Two Poems by Andrew Osborne

An image in three parts


Then, feeling there was no other way

to go through life, I wrote a confession


From myself having been hidden by nerves,

a voice took up, made a dwelling in me.

I wrote until I saw and felt ashamed.


But just as often I would give way to

some image offered by nostalgia,

which in its fading seemed suffused with light.


The next day, feeling entirely false,

I would have to begin writing again,

would catch myself there with gaze turned elsewhere.


What is out there would appear in transcripts

of private impressions— there, myself,

always being put at a distance so


that touch, which brought to me in its own light

a category of the natural,

could be true— as it is already


in the contours of life as it is lived.

All that plate glass through which the world to life

is brought close— out there what is meant by will.



I am moved by Renoir’s Alfred Sisley:

The right shoulder estranged from bright nature

(being out beyond the open window),

but the left offering hope of dissolve.


A way of living already in place,

I have kept myself close to where I am—

never allowing it to approach me,

touch me and thereby reconfigure me;



What place in me could contain there


I have lately made a career reading

about the problem of self-consciousness.

Sitting down early to work, it becomes

doubtless that I will die without knowing,

still waiting for me to come to myself.

There have been depths constituted in me

by turning from my surface, that mere ground—

having long been afraid of what spirit

dwells in me, what kind of soul takes shape from

an irregular flow of sensations.

When it visits, I am overtaken—

having had too much coffee or having

been sedentary, unmoved, for too long

—until it departs of its own accord.

Then I feel it is some concept, some thought,

that forms life: the world as is, what is there

without understanding, terrifies me.

When I can exhaust my body in work

and it is merely felt, without cover,

I—in that moment of revelation;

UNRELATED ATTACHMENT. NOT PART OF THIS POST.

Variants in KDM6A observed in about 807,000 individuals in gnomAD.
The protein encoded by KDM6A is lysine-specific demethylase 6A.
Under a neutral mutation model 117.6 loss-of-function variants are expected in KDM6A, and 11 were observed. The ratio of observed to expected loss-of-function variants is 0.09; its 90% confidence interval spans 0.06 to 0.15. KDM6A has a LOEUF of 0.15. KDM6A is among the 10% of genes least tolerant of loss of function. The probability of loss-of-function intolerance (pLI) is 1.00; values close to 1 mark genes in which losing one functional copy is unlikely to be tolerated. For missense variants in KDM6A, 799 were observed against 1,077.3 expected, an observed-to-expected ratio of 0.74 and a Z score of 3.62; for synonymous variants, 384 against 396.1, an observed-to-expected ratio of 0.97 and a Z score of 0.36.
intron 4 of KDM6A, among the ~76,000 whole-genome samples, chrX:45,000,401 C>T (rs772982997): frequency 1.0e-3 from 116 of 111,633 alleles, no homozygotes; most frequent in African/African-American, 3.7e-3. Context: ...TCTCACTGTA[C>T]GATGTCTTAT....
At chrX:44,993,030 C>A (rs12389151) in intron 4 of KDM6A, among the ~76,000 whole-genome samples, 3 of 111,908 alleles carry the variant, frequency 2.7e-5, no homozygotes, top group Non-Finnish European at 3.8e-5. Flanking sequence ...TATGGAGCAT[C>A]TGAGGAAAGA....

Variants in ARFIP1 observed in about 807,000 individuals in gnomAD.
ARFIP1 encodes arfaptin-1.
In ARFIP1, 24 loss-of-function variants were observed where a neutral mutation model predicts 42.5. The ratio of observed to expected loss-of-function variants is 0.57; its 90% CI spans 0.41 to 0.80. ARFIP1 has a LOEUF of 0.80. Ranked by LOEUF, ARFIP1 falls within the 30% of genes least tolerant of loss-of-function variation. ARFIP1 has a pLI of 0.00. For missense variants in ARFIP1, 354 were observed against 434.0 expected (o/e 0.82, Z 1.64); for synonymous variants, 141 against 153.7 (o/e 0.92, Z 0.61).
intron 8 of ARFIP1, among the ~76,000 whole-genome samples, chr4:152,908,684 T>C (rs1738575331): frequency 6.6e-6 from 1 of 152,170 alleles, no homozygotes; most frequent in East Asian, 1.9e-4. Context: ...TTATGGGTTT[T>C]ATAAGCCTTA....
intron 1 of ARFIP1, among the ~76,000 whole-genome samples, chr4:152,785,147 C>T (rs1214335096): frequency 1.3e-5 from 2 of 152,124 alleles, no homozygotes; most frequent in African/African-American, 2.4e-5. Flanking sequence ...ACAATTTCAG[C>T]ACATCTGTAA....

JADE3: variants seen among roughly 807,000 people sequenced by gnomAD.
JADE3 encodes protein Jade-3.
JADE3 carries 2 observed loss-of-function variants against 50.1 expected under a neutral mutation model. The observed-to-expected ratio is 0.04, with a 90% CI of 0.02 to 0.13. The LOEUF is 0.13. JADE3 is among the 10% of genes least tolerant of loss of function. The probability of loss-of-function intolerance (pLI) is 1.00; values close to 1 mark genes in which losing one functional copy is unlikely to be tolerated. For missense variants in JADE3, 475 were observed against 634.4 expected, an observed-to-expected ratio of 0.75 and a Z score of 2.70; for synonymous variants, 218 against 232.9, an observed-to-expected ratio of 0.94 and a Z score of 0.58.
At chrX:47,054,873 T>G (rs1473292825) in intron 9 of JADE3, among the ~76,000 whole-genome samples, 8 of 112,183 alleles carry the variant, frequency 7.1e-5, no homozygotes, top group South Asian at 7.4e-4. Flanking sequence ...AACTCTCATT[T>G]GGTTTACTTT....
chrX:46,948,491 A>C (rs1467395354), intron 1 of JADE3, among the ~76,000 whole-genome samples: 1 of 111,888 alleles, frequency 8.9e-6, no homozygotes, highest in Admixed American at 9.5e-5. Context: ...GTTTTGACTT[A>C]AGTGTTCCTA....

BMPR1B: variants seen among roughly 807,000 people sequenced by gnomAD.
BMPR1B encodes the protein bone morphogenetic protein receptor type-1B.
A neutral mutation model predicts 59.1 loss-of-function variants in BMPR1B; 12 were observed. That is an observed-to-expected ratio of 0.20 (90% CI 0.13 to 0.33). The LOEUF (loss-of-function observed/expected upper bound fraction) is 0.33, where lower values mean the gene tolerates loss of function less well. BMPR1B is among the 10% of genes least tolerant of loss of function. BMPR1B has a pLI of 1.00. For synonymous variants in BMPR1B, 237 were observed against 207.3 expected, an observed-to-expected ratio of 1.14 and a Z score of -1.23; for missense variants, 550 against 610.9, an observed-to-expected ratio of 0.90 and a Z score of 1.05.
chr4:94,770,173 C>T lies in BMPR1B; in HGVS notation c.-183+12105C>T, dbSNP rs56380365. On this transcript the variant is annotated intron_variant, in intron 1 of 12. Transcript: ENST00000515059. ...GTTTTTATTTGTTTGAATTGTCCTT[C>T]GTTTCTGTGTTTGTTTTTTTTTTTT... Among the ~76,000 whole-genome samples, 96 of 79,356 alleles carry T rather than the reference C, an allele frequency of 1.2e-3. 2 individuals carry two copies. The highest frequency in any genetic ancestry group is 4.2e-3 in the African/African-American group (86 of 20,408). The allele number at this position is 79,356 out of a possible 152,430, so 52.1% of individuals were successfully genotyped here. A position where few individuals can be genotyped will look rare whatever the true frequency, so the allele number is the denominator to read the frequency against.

of feeling my hand move in the darkness,

like soil being turned over again

—long to have been there always, opened out.


I was shown an autobiography

and have been reading it for nearly four

years now: This work, in which I find the truth,

pulls me from myself into a clearing.

I have waited for each volume, and have

read the most recent one impatiently

in my backyard, at a splintered table,

sometimes losing my place because a gust

of cold air reminds me that I cannot

forget to plan for Christmas holiday.

My dog moves through the yard with her nose to

the ground, sensing the coming of a new

year in the smell of matter passing on—

a smell, I find myself hoping, distinct

from the carcasses of birds, which she hears

as well. What speaks in them I do not know.

Near the end of undergraduate work,

when something new in me had begun, I

read Schelling’s treatise on human freedom:

—We will struggle to remain in the light

once we feel the depths from which we have been

lifted into existence, he writes there.

More than all I have read, this remains true.

Schelling wrote this in the context of an

ongoing metaphysical debate:

In the sense Spinoza meant, is God here?

Schelling posits an original will,

made objective, open, in works of art.

In art our will, desire, confronts us;

in what we make, the divine is with us.

Augustine, when young, took into himself

different heresies moving throughout

God’s creation. One day, in a garden,

he heard the Lord in the words of Saint Paul,

to whom the divine appeared as a light.

Between Paul and Augustine the divine

had been reduced to the words of the Saints,

and in the time of Luther it will speak

only in the quiet of our conscience;

a voice without a throat in the stillness.

The will of God becoming—change—weighs on

the future Saint: If the Lord is perfect

and the world merely his manifesting

his will, why do things develop in time?

Augustine believes the mystery will

be resolved if he can focus his thoughts,

withdraw them from here below. He writes, as

an act of prostration, the Confessions.


Often there are weeks (once an entire

February) in which, out in its midst,